Gino Cappelletti passes away at 89 years old

RG33

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That’s a bummer. Lived a seemingly great, long life though. I’ll proudly wear my “Cappelletti” jersey for Week 1 this year in his honor. Soundtrack to many tough years, but a few good/great ones too! Rest in peace.
 

cshea

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I'm too young for his playing days, but I'll always remember Gino's cheering in the back (heeeyyyyy!!!!) during big Gil calls. RIP.
 

jacklamabe65

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I not only saw Gino play in person at least 20 times at Fenway, BC, and Harvard Stadium over the years, but I believe I also saw him kick at the newly opened Schaefer Stadium as well. I was one of those fortunate kids who used to shag balls for Gino when he would practice kickoffs and field goals at Wellesley's Junior High School Football Field in the late '60s and early '70s. A gentleman in every way. Not only was he "Mr. Reliable" as a kicker, but Gino was also a Raymond Berry-like receiver who was very clutch. He and Babe made some beautiful music together. I am so glad that he announced the first 3 Super Bowl wins for the franchise. He was Mr. Patriot. RIP, Duke.
 

ifmanis5

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I not only saw Gino play in person at least 20 times at Fenway, BC, and Harvard Stadium over the years, but I believe I also saw him kick at the newly opened Schaefer Stadium as well. I was one of those fortunate kids who used to shag balls for Gino when he would practice kickoffs and field goals at Wellesley's Junior High School Football Field in the late '60s and early '70s. A gentleman in every way. Not only was he "Mr. Reliable" as a kicker, but Gino was also a Raymond Berry-like receiver who was very clutch. He and Babe made some beautiful music together. I am so glad that he announced the first 3 Super Bowl wins for the franchise. He was Mr. Patriot. RIP, Duke.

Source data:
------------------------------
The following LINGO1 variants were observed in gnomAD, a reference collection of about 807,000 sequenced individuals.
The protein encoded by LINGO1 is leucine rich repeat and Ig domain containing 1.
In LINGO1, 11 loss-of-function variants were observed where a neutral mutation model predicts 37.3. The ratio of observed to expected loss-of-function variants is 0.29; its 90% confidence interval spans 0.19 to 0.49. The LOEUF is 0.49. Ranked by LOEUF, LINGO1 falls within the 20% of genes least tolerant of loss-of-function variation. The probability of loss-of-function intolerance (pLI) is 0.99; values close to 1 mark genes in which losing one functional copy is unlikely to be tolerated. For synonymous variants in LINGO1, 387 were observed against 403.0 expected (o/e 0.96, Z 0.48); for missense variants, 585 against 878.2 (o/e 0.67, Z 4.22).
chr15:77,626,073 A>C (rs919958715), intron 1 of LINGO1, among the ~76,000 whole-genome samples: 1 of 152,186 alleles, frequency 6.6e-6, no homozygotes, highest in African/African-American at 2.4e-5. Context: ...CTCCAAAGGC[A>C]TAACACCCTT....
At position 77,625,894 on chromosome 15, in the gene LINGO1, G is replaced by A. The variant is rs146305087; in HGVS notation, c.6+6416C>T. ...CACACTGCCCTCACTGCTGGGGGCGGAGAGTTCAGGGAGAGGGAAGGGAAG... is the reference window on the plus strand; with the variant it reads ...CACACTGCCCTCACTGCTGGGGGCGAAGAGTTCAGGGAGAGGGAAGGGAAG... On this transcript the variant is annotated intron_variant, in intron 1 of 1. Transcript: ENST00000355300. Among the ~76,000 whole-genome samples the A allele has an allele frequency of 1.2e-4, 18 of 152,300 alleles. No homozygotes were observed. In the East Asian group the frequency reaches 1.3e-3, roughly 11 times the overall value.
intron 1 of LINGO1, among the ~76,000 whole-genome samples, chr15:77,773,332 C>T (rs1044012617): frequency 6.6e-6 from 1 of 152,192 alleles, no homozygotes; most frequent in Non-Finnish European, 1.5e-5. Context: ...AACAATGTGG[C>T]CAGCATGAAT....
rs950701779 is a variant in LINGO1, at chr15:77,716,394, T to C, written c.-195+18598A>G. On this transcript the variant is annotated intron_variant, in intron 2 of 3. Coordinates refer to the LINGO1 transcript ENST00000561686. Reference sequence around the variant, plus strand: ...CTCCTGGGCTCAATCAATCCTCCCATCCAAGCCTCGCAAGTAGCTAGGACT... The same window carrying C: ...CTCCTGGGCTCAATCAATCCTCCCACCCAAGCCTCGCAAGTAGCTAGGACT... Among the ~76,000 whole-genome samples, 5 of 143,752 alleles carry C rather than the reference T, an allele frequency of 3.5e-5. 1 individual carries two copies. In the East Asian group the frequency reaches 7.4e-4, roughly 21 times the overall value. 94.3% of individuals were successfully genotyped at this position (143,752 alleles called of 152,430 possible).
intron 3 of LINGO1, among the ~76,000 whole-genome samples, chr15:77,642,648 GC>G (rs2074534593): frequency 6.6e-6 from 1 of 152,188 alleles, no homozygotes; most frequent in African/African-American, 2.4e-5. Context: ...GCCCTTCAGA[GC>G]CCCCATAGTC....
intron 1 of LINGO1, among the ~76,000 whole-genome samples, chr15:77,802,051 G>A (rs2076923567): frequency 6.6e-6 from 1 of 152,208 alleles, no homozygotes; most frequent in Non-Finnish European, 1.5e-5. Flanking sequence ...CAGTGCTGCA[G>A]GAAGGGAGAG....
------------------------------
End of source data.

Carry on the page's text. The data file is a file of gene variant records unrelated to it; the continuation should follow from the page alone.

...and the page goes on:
Good memories, thanks for sharing.
 

bankshot1

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I remember a Friday night Pats game at Fenway vs the Houston Oilers and the visitors were up 24-22 late in the 4th qtr but Babe drove the Pats into FG position and Gino banged through a game winner (IIRC at 0:00) that landed in the Sox bullpen. Pandemonium ensued.

RIP #20
 

Ralphwiggum

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Gil and Gino will forever be a part of the journey from the first Lombardi. Their enthusiasm in the booth was reflective of the way all of us long suffering Pats fans felt at the time. Incredulous that the MFing Patriots were actually, maybe going to win the Super Bowl, and then just pure joy when it actually happened.

RIP Gino.
 
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Pablo's TB Lover